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UAF’s 2013 Arctic Innovation Competition in Fifth Year

The University of Alaska Fairbanks School of Management recently hosted its fifth Arctic Innovation Competition at the Wood Center on the UAF Campus.

Competitors from Alaska, the Lower 48, Canada--even Egypt and Indonesia--submitted 327 ideas this year. An interdisciplinary team led by UAF's MBA students sifted through and whittled down the submissions to 27 finalists.

Tammy Tragis-McCook, director of development and outreach at the School of Management, explained how the school’s students benefit from the event.

“The MBA students are deeply involved in the Arctic Innovation Competition screening process. They learn about technology, engineering, business, marketing and what it takes to get an idea to the consumer. We also have students who work on organizing the Arctic Innovation Competition full-time.   They’re learning about event management, delegation, people skills, organization skills and problem solving skills; these are skills you don’t necessarily acquire in the classroom,” she said.

UAF Chancellor Brian Rogers summed up the competition’s success like this:

“It started in 2008 as a great idea by a faculty member that has really grown, drawing out innovators from all over the state…and beyond. It’s this kind of entrepreneurial spirit we’re seeing here, that will help to shape Alaska’s future."

The faculty member Chancellor Rogers was referring to is Dr. Ping Lan, professor of business administration. It was his vision in 2008 to create an innovation competition that would benefit both innovators and students at the School of Management. He recognizes that the Arctic Innovation Competition, like technology, is changing at a rapid pace.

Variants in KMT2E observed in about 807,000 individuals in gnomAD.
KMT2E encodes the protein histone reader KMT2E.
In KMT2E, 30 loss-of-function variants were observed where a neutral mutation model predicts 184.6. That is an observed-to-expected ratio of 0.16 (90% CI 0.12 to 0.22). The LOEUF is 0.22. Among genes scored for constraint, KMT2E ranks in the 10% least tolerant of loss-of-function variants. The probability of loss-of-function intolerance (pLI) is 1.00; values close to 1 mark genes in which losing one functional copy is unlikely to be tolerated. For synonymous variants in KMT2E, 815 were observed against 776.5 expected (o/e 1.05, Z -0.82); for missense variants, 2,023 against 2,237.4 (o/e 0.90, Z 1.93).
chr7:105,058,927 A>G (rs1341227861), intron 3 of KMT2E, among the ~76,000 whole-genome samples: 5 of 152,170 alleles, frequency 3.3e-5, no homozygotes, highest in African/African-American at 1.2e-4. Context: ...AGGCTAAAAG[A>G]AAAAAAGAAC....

“The Arctic Innovation Competition is definitely evolving. We recognize that it’s not enough to have a great original idea…you also need to put in a lot of effort to get the idea to the market place. That is where we believe the UAF School of Business Management can play a key role, helping innovators bring their ideas to the marketplace.”

Northrim Bank is one of the Arctic Innovation Competition’s founding sponsors. Joe Beedle, chief executive officer of Northrim, highlighted the value of the competition in terms of its economic potential.

“Northrim has historically been involved in what we call business plan competitions; students would create business plans, bankers would judge them and then present awards for the top competitors. And we still do that," he said. "The uniqueness of the Arctic Innovation Competition is that it brings the practical applications of innovation and design together to create a product. The end result is something you can actually see, feel, touch and use. This competition takes the model to the next level, beyond a business plan to a prototype; and that’s exciting.”